What do retired people do all day long?
Stuart and I have been answering that question a little differently every year for the last eighteen years. Stuart retired from Goshen College in 2004. I left my last full-time position in 2010. For 28 years we both worked at Goshen College, changing jobs (I had nine offices in 28 years) but not institution. What is the through-line for us? Faith, family, and friends are our anchors. Reading and writing, learning and teaching are our callings, our gifts to give and receive.
Stuart started developing an interest in genealogy almost forty years ago. He knew that his mother’s mother was named Showalter which made it likely that his parents were related to each other. He consulted the one genealogy book in his family’s home, about the Brenneman family. He discovered that his parents were third cousins. Soon after we got our first home (floppy disc) computer, he created a numerical system for tracing ancestry. Then he transferred his data to two charts he purchased from the Lancaster Mennonite Historical Society.
Of course, he found common family lines between the two of us, also. Like many Mennonites, we are distant cousins to each other and to the members of each other’s families. This is what happens when a religious group strongly encourages marriage from within the group (endogamy). (Endogamy led to many jokes about cousins on Mennonite college campuses at a time when almost all the students were Mennonite.)
From the beginning, Stuart was not just interested in the Showalter family. He also traced my family history — the Hersheys. He began to think about telling a story for our children that traced their roots as far back as possible. And, of course, although both sides of his family had lived in the Shenandoah Valley of Virginia for more than two centuries, both had originally lived in Lancaster County, PA, where we now live and where most Swiss-German Mennonites settled first after arriving from Germany in the 18th century.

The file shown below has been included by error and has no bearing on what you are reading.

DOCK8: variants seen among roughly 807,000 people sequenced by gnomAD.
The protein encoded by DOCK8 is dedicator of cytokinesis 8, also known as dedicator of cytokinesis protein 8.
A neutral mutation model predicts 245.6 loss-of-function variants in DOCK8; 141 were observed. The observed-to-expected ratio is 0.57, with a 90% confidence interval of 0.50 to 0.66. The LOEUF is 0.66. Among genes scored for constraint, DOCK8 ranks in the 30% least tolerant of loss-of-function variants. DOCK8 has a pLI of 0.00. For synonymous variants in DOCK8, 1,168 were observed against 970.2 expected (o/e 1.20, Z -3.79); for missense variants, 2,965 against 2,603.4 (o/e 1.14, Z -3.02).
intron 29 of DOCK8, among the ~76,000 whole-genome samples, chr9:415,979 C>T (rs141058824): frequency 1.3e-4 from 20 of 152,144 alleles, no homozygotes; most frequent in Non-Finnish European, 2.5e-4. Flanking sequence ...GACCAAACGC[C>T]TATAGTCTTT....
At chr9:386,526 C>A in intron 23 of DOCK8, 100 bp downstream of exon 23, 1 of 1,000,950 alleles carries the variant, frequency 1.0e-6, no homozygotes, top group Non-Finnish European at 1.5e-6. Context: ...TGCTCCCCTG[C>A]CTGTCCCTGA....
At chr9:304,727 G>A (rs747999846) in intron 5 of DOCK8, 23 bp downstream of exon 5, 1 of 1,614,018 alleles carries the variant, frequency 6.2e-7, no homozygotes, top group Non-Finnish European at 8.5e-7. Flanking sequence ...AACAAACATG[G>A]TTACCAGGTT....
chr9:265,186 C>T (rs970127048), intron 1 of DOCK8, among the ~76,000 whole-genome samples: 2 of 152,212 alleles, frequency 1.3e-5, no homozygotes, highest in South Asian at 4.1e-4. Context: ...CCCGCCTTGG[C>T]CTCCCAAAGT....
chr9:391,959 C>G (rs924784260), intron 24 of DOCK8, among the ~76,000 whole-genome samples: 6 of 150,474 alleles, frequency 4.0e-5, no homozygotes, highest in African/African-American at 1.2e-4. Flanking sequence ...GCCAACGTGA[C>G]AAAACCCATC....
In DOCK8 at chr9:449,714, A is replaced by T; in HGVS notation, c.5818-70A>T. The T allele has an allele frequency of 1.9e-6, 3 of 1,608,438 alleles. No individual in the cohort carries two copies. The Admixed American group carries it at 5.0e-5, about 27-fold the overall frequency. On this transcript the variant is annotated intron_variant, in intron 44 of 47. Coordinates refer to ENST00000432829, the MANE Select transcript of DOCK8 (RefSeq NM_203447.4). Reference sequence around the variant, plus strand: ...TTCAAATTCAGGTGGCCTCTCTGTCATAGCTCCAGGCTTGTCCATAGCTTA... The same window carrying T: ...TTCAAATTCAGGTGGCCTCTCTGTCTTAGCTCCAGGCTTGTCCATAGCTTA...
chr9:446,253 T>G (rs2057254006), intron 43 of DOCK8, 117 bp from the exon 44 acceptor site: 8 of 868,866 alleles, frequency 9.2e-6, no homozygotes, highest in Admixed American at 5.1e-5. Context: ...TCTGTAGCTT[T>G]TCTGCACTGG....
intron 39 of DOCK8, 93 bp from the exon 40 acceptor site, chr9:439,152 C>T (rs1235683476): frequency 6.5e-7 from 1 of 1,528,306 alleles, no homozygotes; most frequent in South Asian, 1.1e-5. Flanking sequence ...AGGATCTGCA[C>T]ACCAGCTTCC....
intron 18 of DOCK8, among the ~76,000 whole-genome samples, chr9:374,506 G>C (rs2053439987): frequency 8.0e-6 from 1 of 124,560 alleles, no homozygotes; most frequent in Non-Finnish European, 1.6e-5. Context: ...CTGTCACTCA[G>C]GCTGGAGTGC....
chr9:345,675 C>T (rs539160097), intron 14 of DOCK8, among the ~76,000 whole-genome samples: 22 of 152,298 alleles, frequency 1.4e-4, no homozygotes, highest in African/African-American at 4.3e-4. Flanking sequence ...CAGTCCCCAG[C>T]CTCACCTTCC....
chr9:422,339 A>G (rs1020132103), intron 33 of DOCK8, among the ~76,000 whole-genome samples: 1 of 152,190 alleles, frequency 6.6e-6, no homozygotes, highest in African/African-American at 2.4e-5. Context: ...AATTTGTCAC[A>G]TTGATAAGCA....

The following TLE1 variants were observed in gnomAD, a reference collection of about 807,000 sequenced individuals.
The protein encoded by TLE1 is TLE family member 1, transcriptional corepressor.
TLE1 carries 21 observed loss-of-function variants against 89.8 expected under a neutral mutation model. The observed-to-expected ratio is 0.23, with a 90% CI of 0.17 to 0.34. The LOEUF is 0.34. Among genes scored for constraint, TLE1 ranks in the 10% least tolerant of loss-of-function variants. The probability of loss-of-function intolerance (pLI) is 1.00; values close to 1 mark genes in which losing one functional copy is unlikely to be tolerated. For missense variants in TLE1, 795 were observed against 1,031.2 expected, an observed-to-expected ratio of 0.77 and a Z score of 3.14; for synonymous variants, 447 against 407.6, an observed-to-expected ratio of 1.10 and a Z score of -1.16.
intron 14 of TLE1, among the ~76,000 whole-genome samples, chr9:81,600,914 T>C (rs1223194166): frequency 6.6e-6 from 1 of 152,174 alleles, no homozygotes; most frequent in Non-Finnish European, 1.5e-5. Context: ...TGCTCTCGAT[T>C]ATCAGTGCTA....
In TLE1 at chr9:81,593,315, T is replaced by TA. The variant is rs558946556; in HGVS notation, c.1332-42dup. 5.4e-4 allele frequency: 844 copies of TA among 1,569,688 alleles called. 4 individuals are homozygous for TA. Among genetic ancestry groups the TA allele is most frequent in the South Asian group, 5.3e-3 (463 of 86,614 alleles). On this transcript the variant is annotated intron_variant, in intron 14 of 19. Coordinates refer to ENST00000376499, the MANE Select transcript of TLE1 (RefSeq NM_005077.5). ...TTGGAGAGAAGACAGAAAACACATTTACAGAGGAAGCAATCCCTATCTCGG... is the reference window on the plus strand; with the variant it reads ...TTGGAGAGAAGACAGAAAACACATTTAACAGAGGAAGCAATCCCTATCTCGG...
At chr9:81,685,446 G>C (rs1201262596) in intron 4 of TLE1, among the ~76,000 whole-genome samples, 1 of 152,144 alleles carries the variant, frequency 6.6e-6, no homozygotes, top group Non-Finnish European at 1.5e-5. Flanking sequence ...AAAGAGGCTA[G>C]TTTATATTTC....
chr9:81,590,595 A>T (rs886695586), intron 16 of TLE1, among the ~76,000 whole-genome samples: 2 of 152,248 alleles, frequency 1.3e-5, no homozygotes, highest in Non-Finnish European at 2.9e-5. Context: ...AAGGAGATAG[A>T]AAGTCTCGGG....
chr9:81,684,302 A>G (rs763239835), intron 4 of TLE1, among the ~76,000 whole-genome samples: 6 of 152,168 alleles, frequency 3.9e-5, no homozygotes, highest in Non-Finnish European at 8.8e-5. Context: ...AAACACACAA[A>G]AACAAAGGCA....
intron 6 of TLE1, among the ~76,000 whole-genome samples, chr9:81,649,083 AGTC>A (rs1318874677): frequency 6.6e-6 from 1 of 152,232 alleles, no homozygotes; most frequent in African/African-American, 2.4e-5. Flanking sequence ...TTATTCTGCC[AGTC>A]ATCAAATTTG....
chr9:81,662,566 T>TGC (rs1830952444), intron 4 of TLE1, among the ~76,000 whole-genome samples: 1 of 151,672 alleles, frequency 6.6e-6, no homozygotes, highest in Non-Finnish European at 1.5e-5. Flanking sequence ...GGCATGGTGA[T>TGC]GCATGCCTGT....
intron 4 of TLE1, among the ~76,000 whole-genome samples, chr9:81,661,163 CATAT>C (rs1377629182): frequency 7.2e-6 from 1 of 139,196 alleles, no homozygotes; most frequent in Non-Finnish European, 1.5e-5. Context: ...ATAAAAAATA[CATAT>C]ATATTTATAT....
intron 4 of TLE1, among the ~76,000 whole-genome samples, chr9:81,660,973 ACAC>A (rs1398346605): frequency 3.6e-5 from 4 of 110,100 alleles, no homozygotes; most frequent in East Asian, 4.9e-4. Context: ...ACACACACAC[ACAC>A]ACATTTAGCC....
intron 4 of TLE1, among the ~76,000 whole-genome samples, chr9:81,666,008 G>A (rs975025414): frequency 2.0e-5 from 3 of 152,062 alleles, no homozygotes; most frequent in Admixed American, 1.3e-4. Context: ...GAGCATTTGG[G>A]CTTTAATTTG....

Over the years, Stuart spent much time in the historical libraries in Lancaster, PA; Goshen, IN, and Harrisonburg, VA. He also read and used many family histories. Generally speaking, these were focused on who “begat” whom. They seldom contained stories about personalities.
If we think about family history from a child’s perspective, what would they want to know? What kind of information would benefit them most?
Stories, of course.
Here’s where our interests began to converge and continue to converge — mine in stories and Stuart’s in systems and data. After I wrote my memoir Blush: A Mennonite Girl Meets the Glittering World, Stuart realized that the profiles of my parents in that book could be included in a special kind of gift for our grandchildren. I am now interested in writing an introduction to the Hershey family stories that will include some notable Hersheys in the colonial era and as much as we can learn of their origins in Switzerland, sojourn in Germany, and then the migration to America. Both the Hersheys and the Showalters go back to the Emmental region of Switzerland in the Canton of Bern, so Stuart and I are doing a trip with a family historian and some other Showalters next summer. We also have a well-researched historical novel on the bed stand, Furgge, written by a Swiss woman Katharina Zimmermann, which tells the story of the sufferings of the Anabaptists in the 17th century.
During the pandemic Stuart began to collect biographical information about four generations, starting with our parents, then grandparents, and great-grandparents. He used databases such as Ancestry.com, newspapers.com, and findagrave.com. He requested stories from siblings and cousins. He’s got a manuscript now of more than 40,000 words. He would love to have a finished product, text and photos, by Christmas. But if it takes longer, that’s okay too.
We’re retired. No one is breathing down our necks. This project will keep us absorbed for years to come. And we hope it will be a permanent legacy to leave to our families.
The name Stuart means steward. It fits my dear husband as does this description: “he always rises to the challenge.” He is our family steward.
Do you have a family steward or historian? What do you know about your family as a result? Is there anyone collecting stories about your ancestors? Have any advice for us as we finish this project?